Today we are going to talk about young companies — those that either emerged as a market response to the pandemic, or appeared a little earlier, but proved their importance against the background of the forced separation of the buyer and the seller. We are bringing to your attention tenmost explicative examples:
Even before the pandemic was announced, the EU countries and the UK had been rather anxiousabout the abbreviation AMLD5 — the Fifth Anti-Money Laundering Directive of the European Parliament, aimed at strengthening the fight against money laundering and the financing of terrorism. The buyer of a piece of art more expensive than €10 thousand has been obliged to disclose the name to the seller at the territory of the European Union since January 10, 2020. The London Art Fair, held on January 22-26, was the first to face the procedure at the art market: some galleries deliberately lowered down prices to €10,000, others demanded buyers to present their passports for scanning. However, a new complication emerged after the nervous but successful sale: in accordance with the General Data Protection Regulation of the EU, galleries must store the information about buyers in a definite way on special servers and report annually as for its safety. The ArtAML startup undertook to solve theproblem (by the way, they started developing the product as far back as in 2018, as soon as the directive was announced). The application allows to scan client names along several databases, e.g.checking whether the client is a political VIP, whether he/she is under any sanctions and whether his/her place of origin and residence is a high-risk country. The app's search capabilities can also help art sellers verify and validate provenance when selling at the secondary market. And what isinteresting: if the art reports of the previous ten years are correct and collectors prioritize transparency over other market values, then ArtAML is doomed to success. Though they will have to think about the value of the primary sources of distorted data, if buyers perceive the new technology as a kind of “art-snitching”.
The closed museums have divided collectors into two provisional categories: those whose Basquiat cannot go back, being rented for the exhibition, and those whose Basquiat remained forquarantine at home. They were united by one thing: the pieces of art stopped to be active in increasingtheir own capitalization, since they were not in demand socially and expositionally (in particular). Without thinking twice, collectors turned their eyes to young artists, whose activeness during thequarantine helped increase their value, as well as to new markets. At the same time, the primary factor for a potential buyer in the era of reconsideration of pricing was no longer auction statistics, but rather some other data: the number and quality of exhibitions, participation in competitions and biennials, the level and array of publications about the artist, etc. Young artists began to massively move from Saatchi Art to ArtFacts, while proactive US curators established Foundwork, a blend of virtual portfolio, gallery, and residency providing curatorial attention and institutional support. One of the advantages of the platform is that it allows to form groups according to regional or creative characteristics, forcing artists to interact with each other and at the same time making the search easier for the collector: it is easier to go to the geographic profile on the site that unites everyone in order not to seek for 20 Czech artists at personal websites and Instagram. Another convenience of navigation is that a collector can find an artist only by specifying his/her geographic point and the desired search radius: he/she will be offered options for talents among neighbors, which is especially important when international (and sometimes domestic) logistics are unavailable.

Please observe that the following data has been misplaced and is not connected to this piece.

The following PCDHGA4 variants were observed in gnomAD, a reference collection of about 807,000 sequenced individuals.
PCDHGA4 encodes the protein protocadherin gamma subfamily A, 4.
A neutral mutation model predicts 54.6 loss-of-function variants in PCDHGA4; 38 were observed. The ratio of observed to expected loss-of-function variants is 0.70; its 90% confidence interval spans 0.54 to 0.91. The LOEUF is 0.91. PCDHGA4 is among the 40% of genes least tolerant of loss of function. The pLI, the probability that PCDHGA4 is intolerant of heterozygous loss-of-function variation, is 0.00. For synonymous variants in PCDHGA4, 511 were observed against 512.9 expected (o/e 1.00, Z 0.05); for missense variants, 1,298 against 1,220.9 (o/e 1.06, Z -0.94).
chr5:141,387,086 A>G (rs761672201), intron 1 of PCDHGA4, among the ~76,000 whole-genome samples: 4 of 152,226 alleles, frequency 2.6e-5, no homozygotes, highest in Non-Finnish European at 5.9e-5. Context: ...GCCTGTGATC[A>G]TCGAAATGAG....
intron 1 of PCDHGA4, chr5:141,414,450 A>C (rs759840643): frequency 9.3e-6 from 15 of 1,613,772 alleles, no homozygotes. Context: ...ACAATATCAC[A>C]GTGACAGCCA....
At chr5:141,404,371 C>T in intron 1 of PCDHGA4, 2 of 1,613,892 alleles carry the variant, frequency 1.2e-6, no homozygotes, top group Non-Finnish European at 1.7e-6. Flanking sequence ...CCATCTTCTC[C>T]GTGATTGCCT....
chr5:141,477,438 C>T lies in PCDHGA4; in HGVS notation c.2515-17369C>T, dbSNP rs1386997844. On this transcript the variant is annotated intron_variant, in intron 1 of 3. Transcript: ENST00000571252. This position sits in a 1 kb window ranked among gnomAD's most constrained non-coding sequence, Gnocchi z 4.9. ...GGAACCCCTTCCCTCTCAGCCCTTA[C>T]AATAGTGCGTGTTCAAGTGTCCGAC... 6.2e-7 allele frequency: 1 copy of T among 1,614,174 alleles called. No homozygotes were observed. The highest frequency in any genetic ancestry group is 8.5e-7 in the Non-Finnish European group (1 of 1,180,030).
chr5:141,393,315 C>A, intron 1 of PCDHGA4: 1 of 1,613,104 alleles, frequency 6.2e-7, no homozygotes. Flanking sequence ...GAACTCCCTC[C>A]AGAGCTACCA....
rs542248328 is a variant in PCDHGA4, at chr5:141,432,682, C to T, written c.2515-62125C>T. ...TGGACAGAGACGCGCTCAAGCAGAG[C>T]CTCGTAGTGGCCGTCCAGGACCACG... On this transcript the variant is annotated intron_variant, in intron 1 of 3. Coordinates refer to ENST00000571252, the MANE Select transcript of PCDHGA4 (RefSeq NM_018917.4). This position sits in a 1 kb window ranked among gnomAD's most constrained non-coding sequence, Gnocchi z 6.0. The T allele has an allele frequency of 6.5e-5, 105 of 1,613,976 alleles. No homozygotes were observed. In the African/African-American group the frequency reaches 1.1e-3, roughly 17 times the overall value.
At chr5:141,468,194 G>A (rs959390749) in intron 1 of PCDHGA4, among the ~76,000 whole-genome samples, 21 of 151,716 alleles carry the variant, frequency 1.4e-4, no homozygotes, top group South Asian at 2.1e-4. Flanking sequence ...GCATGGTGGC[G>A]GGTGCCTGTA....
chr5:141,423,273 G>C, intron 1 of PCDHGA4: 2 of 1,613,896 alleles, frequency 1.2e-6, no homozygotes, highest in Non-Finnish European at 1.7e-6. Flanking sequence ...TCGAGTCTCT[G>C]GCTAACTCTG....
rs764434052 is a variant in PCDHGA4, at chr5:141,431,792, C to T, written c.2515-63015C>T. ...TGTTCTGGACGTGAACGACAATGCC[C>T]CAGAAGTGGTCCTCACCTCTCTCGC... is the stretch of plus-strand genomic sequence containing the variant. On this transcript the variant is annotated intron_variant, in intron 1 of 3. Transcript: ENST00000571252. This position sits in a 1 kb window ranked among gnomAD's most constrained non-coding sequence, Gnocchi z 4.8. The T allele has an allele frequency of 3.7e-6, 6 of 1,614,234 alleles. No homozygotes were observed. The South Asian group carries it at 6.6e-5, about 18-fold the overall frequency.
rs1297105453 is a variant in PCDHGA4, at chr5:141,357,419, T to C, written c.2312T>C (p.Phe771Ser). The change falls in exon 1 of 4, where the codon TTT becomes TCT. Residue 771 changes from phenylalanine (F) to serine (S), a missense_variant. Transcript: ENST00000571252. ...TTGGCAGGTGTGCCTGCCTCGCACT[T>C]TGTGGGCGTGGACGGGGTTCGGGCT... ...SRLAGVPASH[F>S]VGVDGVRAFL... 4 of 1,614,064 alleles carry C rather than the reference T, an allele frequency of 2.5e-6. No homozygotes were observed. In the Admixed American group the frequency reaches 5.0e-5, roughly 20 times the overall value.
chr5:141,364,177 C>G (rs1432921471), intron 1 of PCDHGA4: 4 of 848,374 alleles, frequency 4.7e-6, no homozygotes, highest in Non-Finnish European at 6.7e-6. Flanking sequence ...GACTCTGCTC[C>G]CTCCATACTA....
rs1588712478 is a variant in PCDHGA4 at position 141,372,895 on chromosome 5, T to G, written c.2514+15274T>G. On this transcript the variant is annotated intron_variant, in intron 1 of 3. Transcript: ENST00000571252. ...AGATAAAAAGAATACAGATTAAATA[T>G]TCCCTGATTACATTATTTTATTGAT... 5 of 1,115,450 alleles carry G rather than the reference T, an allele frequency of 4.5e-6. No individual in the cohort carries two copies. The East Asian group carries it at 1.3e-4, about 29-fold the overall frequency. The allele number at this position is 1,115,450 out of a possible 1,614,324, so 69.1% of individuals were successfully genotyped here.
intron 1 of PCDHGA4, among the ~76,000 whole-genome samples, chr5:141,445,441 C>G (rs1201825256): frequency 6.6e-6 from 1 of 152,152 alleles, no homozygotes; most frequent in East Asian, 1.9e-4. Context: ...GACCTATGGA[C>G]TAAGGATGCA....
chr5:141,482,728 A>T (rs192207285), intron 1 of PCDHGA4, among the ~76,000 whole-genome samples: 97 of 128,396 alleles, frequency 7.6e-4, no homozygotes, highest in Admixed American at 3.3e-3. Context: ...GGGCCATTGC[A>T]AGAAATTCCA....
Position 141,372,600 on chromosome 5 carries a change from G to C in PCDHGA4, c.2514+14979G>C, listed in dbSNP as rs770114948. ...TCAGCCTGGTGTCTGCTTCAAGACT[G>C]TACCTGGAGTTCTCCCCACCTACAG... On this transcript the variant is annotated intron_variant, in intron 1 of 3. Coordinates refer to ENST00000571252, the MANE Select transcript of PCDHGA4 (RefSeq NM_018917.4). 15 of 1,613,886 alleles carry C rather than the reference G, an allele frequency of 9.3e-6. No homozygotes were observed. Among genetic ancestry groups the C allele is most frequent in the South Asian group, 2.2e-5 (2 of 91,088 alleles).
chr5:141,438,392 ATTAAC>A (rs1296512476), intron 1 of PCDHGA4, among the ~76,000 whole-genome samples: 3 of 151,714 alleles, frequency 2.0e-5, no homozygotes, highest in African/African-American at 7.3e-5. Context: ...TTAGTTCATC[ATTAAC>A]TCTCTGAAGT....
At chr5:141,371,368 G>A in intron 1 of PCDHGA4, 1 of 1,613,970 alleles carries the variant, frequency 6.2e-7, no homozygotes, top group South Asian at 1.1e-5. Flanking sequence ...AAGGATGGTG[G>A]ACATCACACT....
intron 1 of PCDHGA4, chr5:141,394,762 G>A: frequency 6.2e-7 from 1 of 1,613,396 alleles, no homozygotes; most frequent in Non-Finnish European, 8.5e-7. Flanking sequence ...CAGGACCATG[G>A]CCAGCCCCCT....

Do you know that Larry Gagosian rents three warehouses in New York alone, one for art and two for storing art packaging? It is expensive to keep it, but its disposal is even more expensive. The founders of the British RokBox startup were well aware of this and offered Larry (and the entire market) a fundamentally new approach to packaging art. Their solution is based on lightweight transformable boxes that easily take the shape of a piece of art, providing reliable fastening and safe transportation. And the main advantage is the possibility of their multiple use at a very low cost of storage: the "transformer box" folds easily and ergonomically and waits for its time, taking up a minimum space next to the location it is to be used. Besides, the RokBox showed another advantage that greatly influenced the demand: the plastic which the containers were made of was the garbage lifted from the bottom of the world ocean and recycled. Thus the implementation of the idea meets the most important characteristics of a startup: it solves an existing problem, does not create new ones, and broadcasts an important (in this case, environmental) idea to the masses.
4. Fair Warning